Interdisciplinary Design Collaborative LLC – Rolla

three young men in suits holding smartphones

Missouri S&T students (from left) Colby Hall, Michael Orlando and R.J. Miller are the University of Missouri’s Student Entrepreneurs of the Year for 2010.

From iPhone apps to energy management, a company founded and run by Missouri University of Science and Technology students is using technology to help consumers cut costs. This month the University of Missouri recognized the company’s three top executives with the university’s Student Entrepreneur of the Year Award for 2010.

The company, Interdisciplinary Design Collaborative LLC, was founded in September 2008 by Michael A. Orlando, a St. Louis native and recent Missouri S&T graduate who is now pursuing his master’s degree in engineering management at S&T. He and two other S&T graduate students — Colby Hall of Imperial, Mo. (an MBA student), and R.J. Miller of Dana Point, Calif. (an engineering management major) — form the company’s executive board.

Orlando, Hall and Miller received the award during the UM Board of Curators meeting June 10 in Columbia. The three will share a $2,500 prize from the university.

“We’re very proud of everything that Michael, Colby and R.J. have achieved with this business,” says Missouri S&T Chancellor John F. Carney III. “These three young men truly represent the spirit of innovation we try to infuse throughout the Missouri S&T educational experience, and I heartily congratulate them on this achievement.”

Since launching its first product in 2009 — a free iPhone application that counts down the number of days until the next world-famous St. Pat’s Celebration at Missouri S&T — the company has produced three more apps, all for profit.

two smiling men in suits holding award

Michael Orlando (right) accepts 2010 MU System Student Entrepreneur of the Year Award from Gary Forsee at the annual awards dinner with Curators.

IDC’s business model relies on the technological talents of Missouri S&T students who are looking for real-world business experience while still attending school, Orlando says. Some 40 S&T students are involved with IDC at some level, as software developers or performing design, research or development for one of its projects.

In addition to the free St. Pat’s countdown app, the company’s other iPhone applications include Barcodescan, which uses the iPhone’s camera to scan a product barcode and provide comparison pricing; “Dow in Gold,” which allows users to compare the Dow Jones, NASDAQ and the Standard & Poor’s 500 stock indices to the price of gold; and “Made In America,” which helps consumers find U.S.-made products.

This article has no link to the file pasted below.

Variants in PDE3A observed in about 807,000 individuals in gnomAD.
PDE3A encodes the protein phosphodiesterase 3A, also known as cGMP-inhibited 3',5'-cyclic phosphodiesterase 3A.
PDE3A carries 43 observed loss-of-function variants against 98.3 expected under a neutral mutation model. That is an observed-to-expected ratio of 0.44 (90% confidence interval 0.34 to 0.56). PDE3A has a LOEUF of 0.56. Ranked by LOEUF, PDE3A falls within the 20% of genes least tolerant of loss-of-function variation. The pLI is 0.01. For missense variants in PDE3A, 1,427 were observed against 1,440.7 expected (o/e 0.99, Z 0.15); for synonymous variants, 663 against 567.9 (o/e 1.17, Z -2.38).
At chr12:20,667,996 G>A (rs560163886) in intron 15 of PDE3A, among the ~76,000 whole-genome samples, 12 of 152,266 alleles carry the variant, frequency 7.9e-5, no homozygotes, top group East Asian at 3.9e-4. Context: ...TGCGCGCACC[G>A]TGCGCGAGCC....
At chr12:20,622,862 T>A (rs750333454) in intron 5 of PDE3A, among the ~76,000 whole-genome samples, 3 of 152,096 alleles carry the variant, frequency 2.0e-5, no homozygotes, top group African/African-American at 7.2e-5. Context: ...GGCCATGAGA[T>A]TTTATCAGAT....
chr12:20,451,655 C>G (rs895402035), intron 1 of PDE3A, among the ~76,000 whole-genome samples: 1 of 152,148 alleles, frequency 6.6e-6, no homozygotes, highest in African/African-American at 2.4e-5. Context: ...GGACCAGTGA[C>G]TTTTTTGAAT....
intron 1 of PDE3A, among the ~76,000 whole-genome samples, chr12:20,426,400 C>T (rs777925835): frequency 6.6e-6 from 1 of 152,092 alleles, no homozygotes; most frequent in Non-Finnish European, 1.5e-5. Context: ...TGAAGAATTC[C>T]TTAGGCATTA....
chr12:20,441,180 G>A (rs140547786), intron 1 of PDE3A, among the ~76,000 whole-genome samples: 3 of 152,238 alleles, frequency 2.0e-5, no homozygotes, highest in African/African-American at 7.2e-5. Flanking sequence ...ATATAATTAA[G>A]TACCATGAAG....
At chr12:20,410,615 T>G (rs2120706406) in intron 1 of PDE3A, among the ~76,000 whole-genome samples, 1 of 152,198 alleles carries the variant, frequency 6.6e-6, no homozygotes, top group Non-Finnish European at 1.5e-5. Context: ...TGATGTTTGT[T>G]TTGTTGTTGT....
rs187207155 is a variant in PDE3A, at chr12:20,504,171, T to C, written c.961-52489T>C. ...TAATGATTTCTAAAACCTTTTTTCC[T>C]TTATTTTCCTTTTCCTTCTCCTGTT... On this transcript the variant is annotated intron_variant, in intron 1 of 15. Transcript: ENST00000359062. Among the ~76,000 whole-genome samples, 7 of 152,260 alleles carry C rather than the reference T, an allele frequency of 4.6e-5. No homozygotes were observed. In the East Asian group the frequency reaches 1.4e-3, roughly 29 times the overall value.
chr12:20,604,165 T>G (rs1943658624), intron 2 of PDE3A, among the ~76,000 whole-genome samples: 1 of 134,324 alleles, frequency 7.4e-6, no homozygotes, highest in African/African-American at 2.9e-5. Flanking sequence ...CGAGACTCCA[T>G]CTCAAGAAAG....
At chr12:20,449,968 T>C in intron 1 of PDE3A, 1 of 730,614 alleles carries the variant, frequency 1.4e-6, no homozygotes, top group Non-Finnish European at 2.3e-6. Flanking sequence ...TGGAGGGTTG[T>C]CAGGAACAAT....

Earlier this year, IDC received a $67,000 grant from the U.S. Environmental Protection Agency through the federal government’s Small Business Innovation Research (SBIR) program. Barry White, director of the Small Business and Technology Development Center at Missouri S&T, provided guidance to the young entrepreneurs for their grant application.

With proceeds from the grant, IDC will investigate ways to monitor and optimize home energy usage in hopes of eventually developing technology that homeowners could use to cut energy costs. As a start with this effort, IDC has worked with members of Missouri S&T’s Solar House Team to collect data on energy use in S&T’s “Solar Village,” a small neighborhood of student-built solar homes located near campus. Students live in the Solar Village, supplementing their energy costs via the solar power generated by their homes.

During the six-month life of the grant, IDC will explore the feasibility of an “adaptive energy-management system.” Such a system would run algorithms that suggest ways for homeowners to save energy or execute the energy savings directly.

“A computer will automatically collect and analyze data to determine and locate energy losses and wasted energy in a building,” says Orlando. “These optimization algorithms will learn users’ habits and use historical data to instantaneously analyze building energy needs to reduce energy consumption. By using this information, a home can be managed and controlled more efficiently by manual management (suggesting) and automatic (executing) management.”

If their initial research proves successful, Orlando and his IDC colleagues believe they could be considered for a Phase 2 SBIR award — a two-year, $225,000 endeavor — and develop a marketable technology “within the next couple of years.”

IDC’s SBIR grant is believed to be the first ever awarded to undergraduate students, according to Missouri S&T SBTDC director White.

Orlando, Hall and Miller plan to spend the summer expanding the company’s operations to find talent on other college campuses in Missouri as well as on the West Coast. Both Hall and Miller will spend their summer months in California on internships but plan to recruit more entrepreneurial-minded students to the IDC effort, while Orlando will spend his time in Rolla, Columbia and St. Louis.

Although the company has offices at S&T’s Small Business and Technology Development Center, Orlando describes the enterprise as “very virtual.”

“We’ll be able to work from anywhere in the country because we’re all mobile,” he says. “It’s very much a virtual office to the max.”

In addition to the UM Student Entrepreneur of the Year Award, IDC also won the Rising Stars of Entrepreneurship Award from the Missouri SBTDC in early 2010 in Jefferson City. That recognition came in connection with legislative proclamations honoring the firm for its contribution to the economic development of the state of Missouri.

At the January 2010 award ceremony in Jefferson City, R.J. Miller of IDC explains how MO SBTDC training and help with a business plan led to an SBIR proposal and success. (1 min)

Get Directions

If you liked this post you might also like: